I fear I may have underestimated the influence that Radio 4 soap The Archers has on the construction industry. First a Building exclusive revealed that structural engineer Mark Whitby is trying to persuade the programme's writers to include a storyline wherein oilseed rape is used as a green fuel. Now I hear that the UK Timber Frame Association is crowing that Neil and Susan Carter have chosen to build their dream home using timber frame. How long, I wonder, before Sir John Egan makes a guest appearance?
A bone, picked
Still with the meeja, this time we journey north to Edinburgh where Heery has been courting the limelight. The construction manager took part in an April fool stunt for STV, in which it was claimed a giant bone, which could have belonged to a cousin of the Loch Ness monster, had been found on the firm's Playfair Project, causing lengthy delays. I'm surprised the crew working on the Scottish parliament haven't used that one yet.
Architect caught out
And still (sort of) with the media, it's nice to know that the art of hiding the "bodge" isn't confined to my DIY efforts chez Hansom Towers. According to one specialist who worked on the NatWest Media Centre at Lord's Cricket Ground, there were a few "gaps" in the interior finishes. Given that the building features the world's first aluminum semi-monocoque structure, you might have thought that the architect would have come up with something suitably high-tech to disguise these blemishes. Well, not according to my source: apparently the gaps had to be filled by that most traditional of methods – a few smears of good old Polyfilla. Henry Blofeld would be aghast.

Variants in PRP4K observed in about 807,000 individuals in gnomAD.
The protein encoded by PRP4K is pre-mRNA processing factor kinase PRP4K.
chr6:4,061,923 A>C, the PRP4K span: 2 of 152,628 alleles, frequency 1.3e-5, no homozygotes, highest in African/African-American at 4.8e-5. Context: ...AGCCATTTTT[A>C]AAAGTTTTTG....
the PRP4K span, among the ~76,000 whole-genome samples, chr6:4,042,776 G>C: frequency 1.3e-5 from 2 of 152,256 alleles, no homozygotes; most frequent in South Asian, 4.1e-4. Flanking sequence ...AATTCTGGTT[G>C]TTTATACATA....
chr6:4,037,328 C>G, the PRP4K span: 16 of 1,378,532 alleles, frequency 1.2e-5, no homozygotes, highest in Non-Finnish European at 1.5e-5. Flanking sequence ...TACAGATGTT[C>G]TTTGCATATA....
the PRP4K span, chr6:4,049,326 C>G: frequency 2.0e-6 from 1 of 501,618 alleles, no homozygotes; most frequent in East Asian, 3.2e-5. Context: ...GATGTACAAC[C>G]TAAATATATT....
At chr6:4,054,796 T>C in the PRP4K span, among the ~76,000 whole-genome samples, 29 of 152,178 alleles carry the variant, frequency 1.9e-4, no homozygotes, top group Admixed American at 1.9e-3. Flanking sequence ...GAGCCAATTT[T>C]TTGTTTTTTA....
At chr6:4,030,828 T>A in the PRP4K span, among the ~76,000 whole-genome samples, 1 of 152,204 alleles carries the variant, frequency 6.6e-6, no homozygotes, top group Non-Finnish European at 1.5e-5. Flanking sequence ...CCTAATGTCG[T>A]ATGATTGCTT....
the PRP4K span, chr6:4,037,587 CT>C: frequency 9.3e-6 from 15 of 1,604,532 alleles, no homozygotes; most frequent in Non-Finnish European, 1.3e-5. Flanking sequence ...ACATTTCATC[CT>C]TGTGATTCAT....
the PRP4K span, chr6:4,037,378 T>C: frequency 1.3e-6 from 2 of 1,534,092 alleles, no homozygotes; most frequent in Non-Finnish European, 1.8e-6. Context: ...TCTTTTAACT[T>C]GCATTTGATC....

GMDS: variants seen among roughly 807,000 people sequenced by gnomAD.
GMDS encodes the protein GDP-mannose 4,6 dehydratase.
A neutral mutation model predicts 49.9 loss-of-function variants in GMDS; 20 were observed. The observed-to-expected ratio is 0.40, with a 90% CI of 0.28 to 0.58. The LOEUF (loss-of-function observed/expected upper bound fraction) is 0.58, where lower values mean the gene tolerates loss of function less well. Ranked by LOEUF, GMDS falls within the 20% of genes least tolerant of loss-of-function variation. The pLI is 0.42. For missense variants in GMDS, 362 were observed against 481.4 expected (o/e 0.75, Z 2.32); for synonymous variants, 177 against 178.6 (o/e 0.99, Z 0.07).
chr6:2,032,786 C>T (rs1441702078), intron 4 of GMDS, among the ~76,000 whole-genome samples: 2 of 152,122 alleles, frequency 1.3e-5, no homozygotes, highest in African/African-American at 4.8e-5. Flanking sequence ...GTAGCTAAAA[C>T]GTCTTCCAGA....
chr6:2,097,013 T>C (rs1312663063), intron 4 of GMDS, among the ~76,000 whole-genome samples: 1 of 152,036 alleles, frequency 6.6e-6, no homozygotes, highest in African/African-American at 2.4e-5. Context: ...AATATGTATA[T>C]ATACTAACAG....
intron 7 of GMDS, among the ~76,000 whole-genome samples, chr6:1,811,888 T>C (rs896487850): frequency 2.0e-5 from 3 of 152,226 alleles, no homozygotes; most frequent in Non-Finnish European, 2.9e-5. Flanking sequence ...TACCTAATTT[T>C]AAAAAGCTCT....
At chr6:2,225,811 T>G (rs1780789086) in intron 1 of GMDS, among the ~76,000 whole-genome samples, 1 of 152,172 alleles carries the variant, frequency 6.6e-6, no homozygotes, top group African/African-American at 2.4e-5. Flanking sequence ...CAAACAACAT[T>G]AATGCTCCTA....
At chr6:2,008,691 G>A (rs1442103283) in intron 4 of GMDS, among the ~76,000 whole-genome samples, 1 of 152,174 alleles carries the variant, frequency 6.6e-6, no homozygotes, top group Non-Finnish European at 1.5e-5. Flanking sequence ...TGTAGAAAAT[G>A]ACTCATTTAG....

The developer of the Armada luxury housing in Dutch city 's-Hertogenbosch (see pages 38-43), Credo Integrale, has been understandably keen to attract well-heeled purchasers. And what better way to do that than to build a wine cellar next to the basement car parking? The developer even laid down a supply of Credo's own-label red wine in the compartment belonging to each flat. However, they reckoned without the insatiable thirst of the good citizens of 's-Hertogenbosch. The scheme had barely been handed over before one purchaser complained that the compartment couldn't fit the promised 500 bottles.